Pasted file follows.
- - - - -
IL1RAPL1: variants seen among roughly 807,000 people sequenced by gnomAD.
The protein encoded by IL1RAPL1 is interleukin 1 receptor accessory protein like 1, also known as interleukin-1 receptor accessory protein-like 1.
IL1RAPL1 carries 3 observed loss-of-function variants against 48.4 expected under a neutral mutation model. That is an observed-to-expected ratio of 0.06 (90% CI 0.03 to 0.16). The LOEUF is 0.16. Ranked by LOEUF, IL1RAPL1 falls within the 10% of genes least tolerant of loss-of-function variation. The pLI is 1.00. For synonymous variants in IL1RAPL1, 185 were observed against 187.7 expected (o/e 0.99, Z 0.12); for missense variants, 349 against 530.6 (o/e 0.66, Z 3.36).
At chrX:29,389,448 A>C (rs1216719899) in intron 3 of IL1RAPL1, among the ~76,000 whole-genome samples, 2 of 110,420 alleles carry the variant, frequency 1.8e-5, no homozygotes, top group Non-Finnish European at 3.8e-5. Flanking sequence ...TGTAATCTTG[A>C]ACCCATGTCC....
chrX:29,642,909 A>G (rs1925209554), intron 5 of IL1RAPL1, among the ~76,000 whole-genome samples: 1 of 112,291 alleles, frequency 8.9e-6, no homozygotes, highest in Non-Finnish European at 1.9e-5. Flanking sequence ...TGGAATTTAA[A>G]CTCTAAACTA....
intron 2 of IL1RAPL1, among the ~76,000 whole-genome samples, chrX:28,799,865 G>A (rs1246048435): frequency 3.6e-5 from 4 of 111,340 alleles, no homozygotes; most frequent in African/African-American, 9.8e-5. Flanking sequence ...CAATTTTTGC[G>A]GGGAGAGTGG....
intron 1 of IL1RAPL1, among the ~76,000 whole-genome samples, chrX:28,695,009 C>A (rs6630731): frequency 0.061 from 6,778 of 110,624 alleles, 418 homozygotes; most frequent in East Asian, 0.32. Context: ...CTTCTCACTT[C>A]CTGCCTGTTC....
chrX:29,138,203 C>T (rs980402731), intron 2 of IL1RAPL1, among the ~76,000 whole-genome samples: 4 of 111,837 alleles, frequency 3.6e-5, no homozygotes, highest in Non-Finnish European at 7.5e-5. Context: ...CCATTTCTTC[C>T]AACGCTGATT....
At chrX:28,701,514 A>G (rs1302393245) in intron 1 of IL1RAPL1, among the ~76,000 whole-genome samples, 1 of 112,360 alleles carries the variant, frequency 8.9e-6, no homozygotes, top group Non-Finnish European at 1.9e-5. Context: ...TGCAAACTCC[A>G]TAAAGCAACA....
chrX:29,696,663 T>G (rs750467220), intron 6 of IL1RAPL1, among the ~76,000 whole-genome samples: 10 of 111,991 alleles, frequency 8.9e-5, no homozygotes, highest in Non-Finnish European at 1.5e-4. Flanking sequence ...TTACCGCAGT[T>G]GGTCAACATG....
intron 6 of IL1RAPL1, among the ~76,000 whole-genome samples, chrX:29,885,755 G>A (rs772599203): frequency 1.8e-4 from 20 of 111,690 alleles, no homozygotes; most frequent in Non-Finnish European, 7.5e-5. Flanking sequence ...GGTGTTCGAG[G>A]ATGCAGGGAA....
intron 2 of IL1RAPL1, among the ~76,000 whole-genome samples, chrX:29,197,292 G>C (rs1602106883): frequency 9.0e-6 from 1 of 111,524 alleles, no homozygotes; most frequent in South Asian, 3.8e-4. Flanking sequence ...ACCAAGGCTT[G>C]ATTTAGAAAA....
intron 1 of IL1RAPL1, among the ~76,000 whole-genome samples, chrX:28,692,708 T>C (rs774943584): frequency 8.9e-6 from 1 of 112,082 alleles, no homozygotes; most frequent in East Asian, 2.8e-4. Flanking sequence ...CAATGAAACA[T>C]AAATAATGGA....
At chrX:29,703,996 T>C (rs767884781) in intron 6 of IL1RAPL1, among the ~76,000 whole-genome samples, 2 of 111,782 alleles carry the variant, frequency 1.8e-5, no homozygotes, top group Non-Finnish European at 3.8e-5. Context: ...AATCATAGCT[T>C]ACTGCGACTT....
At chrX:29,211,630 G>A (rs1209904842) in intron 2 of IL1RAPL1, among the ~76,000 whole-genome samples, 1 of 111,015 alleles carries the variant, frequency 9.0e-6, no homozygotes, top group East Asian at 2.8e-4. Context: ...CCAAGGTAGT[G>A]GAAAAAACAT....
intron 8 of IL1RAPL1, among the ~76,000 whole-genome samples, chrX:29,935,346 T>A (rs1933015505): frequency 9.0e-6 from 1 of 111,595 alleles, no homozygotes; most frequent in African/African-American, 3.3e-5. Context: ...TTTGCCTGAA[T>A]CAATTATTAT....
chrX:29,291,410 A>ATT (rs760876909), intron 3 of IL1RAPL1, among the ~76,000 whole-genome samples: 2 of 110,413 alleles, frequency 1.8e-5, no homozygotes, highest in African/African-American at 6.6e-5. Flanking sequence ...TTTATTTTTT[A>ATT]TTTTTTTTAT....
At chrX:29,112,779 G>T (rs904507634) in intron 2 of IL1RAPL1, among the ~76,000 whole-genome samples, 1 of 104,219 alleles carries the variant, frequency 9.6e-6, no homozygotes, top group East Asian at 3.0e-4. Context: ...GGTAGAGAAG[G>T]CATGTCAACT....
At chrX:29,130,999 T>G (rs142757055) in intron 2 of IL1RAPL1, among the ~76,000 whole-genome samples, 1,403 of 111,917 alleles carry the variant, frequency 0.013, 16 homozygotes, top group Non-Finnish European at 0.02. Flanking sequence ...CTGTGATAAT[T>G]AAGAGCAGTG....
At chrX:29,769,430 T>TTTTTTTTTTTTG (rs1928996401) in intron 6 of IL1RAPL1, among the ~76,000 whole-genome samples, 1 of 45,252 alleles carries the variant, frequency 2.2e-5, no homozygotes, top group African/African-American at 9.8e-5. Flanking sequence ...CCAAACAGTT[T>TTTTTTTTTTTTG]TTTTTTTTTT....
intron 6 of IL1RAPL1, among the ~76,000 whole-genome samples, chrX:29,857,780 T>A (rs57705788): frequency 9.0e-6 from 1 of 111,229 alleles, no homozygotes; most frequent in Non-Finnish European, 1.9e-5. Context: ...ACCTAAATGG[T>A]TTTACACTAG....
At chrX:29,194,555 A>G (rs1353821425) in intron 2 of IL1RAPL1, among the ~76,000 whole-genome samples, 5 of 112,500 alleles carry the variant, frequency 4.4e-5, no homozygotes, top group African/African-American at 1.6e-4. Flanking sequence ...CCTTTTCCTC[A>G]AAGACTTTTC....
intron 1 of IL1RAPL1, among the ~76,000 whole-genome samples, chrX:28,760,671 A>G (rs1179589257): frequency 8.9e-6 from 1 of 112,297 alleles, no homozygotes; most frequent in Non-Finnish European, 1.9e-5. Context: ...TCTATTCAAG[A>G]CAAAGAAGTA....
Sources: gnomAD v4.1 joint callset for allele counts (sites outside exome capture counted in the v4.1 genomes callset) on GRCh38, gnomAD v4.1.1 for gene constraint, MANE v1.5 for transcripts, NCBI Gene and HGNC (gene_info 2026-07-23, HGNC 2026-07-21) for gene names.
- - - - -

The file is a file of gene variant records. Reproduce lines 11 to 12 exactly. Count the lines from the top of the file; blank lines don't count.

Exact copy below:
intron 6 of IL1RAPL1, among the ~76,000 whole-genome samples, chrX:29,885,755 G>A (rs772599203): frequency 1.8e-4 from 20 of 111,690 alleles, no homozygotes; most frequent in Non-Finnish European, 7.5e-5. Flanking sequence ...GGTGTTCGAG[G>A]ATGCAGGGAA....
intron 2 of IL1RAPL1, among the ~76,000 whole-genome samples, chrX:29,197,292 G>C (rs1602106883): frequency 9.0e-6 from 1 of 111,524 alleles, no homozygotes; most frequent in South Asian, 3.8e-4. Flanking sequence ...ACCAAGGCTT[G>C]ATTTAGAAAA....